[Halifax] – The author of an award-winning study of Atlantic Canada’s economy says a recent attack on his work distorted his book, attacked arguments that he never made, ignored arguments he did make, and even got time periods wrong.

Fred McMahon, senior policy analyst at the Atlantic Institute for Market Studies and author of Looking the Gift Horse in the Mouth, met one of the chief critics head-on today at the Atlantic Canada Economics Association annual meeting at Mount Allison University. He debated Wade Locke of Memorial University, one of the three authors of Should our Concern be the Gift Horse or Ideological Bull?

Gift Horse, which won the $10,000 US Sir Anthony Fisher Memorial Prize for international excellence in economic analysis, traced the pattern of federal transfers to Atlantic Canada over recent decades. It argued that not only did these policies fail, they also did more harm than good.

“I show how cutbacks in recent years have reduced wage distortions in Atlantic Canada, making us more competitive,” McMahon says. “This is reflected in the competitiveness report released at the Atlantic Vision conference this month and in the fact Atlantic Canada’s economy, per capita, has grown faster than the national average as spending has been cutback. It is also shown in our strong export growth.”

This is in stark contrast to the situation in the late 1960s and early 1970s, when Ottawa was transferring considerable wealth to the region and government was building up its presence. As increasing amounts of money went into government programs, Atlantic wages rose too high too fast for market-driven businesses to match. One result was that some earned more. But the other result was higher unemployment; businesses not at the government trough couldn’t afford to create new jobs.

“Government employment growth and make-work programs set government up as a competitor with the private sector for the best workers – the most important factor in any firm,” McMahon told the economists assembled in Sackville. “Businesses with connections and rich government contracts or subsidies also competed for workers against businesses which had to control their costs to compete in tough markets. . . . All this damaged the most important thing an economy can have going for it: skills development.”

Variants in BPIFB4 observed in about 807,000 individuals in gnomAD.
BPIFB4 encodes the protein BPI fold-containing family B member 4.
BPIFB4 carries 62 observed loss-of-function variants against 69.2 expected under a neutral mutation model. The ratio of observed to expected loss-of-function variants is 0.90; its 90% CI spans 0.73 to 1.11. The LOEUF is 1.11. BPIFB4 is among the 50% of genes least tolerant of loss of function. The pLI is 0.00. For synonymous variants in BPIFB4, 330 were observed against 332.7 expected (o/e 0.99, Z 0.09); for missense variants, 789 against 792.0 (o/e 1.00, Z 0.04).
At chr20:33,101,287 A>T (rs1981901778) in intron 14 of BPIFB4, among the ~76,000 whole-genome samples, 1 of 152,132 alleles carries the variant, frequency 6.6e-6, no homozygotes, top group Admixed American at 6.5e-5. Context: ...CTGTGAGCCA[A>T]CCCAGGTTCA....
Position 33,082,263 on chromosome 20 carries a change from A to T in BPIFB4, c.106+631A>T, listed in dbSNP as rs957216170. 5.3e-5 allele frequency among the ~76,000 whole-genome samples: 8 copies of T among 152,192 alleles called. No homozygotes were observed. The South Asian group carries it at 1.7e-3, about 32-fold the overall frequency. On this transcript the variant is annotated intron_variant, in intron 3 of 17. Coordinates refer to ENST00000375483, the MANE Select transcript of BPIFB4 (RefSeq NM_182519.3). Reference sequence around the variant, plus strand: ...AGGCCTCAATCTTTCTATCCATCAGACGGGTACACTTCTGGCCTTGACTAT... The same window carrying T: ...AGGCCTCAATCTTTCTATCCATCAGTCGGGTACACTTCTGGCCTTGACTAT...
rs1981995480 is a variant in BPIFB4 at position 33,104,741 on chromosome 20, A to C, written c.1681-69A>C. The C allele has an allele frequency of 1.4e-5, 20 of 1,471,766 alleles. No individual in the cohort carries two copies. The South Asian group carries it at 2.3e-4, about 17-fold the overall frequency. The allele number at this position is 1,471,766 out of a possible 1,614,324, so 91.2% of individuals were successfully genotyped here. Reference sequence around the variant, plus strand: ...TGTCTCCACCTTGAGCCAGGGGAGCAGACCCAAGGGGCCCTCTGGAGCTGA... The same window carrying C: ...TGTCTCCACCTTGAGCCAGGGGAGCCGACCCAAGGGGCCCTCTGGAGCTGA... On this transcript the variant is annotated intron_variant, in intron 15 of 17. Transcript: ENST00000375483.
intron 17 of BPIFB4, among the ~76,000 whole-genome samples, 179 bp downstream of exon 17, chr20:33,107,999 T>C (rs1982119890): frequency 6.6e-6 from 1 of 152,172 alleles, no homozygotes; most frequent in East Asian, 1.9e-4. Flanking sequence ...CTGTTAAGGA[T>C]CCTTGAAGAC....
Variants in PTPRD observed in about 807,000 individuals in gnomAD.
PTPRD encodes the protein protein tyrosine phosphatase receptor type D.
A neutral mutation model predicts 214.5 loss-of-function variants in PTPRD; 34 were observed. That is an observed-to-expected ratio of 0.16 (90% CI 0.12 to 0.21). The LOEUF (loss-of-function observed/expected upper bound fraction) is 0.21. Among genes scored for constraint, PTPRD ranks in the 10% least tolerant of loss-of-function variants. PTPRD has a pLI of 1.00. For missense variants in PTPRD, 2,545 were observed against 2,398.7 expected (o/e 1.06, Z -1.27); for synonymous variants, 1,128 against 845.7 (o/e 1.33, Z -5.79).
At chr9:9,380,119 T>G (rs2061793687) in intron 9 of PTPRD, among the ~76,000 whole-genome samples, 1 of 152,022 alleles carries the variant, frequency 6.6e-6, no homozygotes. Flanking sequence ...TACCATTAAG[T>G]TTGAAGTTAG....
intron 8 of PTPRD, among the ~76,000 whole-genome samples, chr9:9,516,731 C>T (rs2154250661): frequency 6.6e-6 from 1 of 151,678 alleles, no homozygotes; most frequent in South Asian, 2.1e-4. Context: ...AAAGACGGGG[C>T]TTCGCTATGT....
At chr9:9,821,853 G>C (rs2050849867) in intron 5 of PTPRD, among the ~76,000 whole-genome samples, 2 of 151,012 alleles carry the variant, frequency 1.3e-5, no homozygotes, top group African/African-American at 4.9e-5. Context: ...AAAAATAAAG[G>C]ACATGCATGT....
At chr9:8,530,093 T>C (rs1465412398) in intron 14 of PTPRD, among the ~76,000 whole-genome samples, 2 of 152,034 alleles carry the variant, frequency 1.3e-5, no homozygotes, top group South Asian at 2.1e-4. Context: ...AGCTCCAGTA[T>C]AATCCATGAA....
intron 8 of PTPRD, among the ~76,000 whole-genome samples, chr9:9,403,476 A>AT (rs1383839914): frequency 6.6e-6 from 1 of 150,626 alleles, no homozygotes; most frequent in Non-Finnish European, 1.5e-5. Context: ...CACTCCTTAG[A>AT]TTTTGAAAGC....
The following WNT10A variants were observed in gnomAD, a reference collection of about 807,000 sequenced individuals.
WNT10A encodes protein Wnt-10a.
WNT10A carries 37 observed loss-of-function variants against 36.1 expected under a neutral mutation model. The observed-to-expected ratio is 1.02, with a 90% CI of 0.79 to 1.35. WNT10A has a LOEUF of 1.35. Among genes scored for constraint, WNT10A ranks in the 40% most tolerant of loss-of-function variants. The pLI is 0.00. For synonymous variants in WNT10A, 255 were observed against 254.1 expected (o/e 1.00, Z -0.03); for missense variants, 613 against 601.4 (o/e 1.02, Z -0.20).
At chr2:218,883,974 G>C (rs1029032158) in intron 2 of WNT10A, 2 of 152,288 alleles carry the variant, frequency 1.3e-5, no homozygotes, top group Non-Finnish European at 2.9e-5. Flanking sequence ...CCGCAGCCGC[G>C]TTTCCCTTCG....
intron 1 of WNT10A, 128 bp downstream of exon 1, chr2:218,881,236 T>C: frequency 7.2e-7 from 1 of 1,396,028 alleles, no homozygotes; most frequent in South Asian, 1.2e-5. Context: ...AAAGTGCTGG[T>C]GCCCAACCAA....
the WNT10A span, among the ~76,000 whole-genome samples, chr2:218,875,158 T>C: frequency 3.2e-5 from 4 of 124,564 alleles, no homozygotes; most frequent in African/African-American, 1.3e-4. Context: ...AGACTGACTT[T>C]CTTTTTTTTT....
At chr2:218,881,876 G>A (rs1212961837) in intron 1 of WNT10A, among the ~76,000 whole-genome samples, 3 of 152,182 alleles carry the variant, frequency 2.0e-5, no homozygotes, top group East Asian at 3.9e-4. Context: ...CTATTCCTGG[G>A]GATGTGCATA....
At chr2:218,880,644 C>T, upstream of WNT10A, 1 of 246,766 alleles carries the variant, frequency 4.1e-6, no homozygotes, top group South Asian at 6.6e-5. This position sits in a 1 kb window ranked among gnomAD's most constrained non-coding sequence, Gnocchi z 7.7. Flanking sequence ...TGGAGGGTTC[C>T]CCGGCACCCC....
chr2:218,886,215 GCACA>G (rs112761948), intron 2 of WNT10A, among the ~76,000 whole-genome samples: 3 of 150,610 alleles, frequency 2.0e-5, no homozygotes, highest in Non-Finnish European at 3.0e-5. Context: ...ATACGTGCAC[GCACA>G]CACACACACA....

The phenomenon of economic harm caused by ill-spent windfalls is not new to economists. The Dutch, for example, underwent a well-documented and similar problem when they pumped huge amounts of North Sea oil money into government-driven programs. In recent years, the Dutch have recognized their wage problems and moved aggressively to correct them, resulting in renewed growth.

Ideological Bull simply ignores this, and the spending/monetary framework behind it. “Maybe they disagree with the framework. But, in a book devoted to attacking my work, they should have at least mentioned the key analytical concept and, if they don’t like it, explain why. Who knows where they stand on it if they don’t discuss it,” McMahon says.

Instead, Ideological Bull tries to prove that increases in federal spending “driven by petroleum related subsidies” didn’t force up wages.

“This is, of course, true,” McMahon says. “Petroleum-related subsidies didn’t kick in until the last quarter of 1973. Our wages skyrocketed against the national average between 1969 and 1974. By the time of the oil crisis, they had nearly stabilized at a higher uncompetitive level. All you need to do is look at the calendar to understand this.

“It would have been nice if they had at least gotten the time period right.”

Ideological Bull also claims the increase in transfers to the region was entirely driven by petroleum subsidies. “This is simply wrong. As I say in my talk today, you can look at virtually any spending category. You’ll see that the burst of spending and wealth transfers began years before the oil crisis. Spending increases were driven by policy changes, not petroleum subsidies or some counter-cyclical mechanism.”

Equalization was broadened in both 1967 and 1972; DREE was established in 1969; regionally extended UI benefits were introduced in 1971; and other formulas were made more generous over the period. This is reflected in raw numbers in spending categories, as McMahon discusses in his speech.

To make the spending and the wealth transfers go away, the authors of Ideological Bull argue that any number of spending programs should be excluded because they “are national” in nature. “I examine the transfer of wealth/money to the region – the difference between federal spending and revenues in Atlantic Canada. To arbitrarily exclude spending programs would be like me saying ‘Oh, let’s drop income tax on the revenue side because it’s a national program.’ It’s just absurd.”

Although many studies have examined the Atlantic economy as a whole and although most region programs were directed at the region as a whole, Ideological Bull attacks Gift Horse for adopting this approach. “Any macro economy – whether national, provincial or regional – contains any number of sub-economies and, as I note in Gift Horse, the Atlantic region is no exception. I suggest more detailed research would be appropriate and I believe we’ll see that in future months.”

McMahon expressed regret it has taken him so long to respond fully to Ideological Bull, but noted that AIMS had trouble obtaining a copy of the book after it was published and didn’t know for sure what it said.

Don Cayo, the president of AIMS, said other research groups are already undertaking further investigation of McMahon’s work, including one that is doing some serious number-crunching on the arguments.

“We can’t wait for the results of this work,” Cayo said. “Fred’s book is a clarion call for further research to be done, and we think that’s vital.”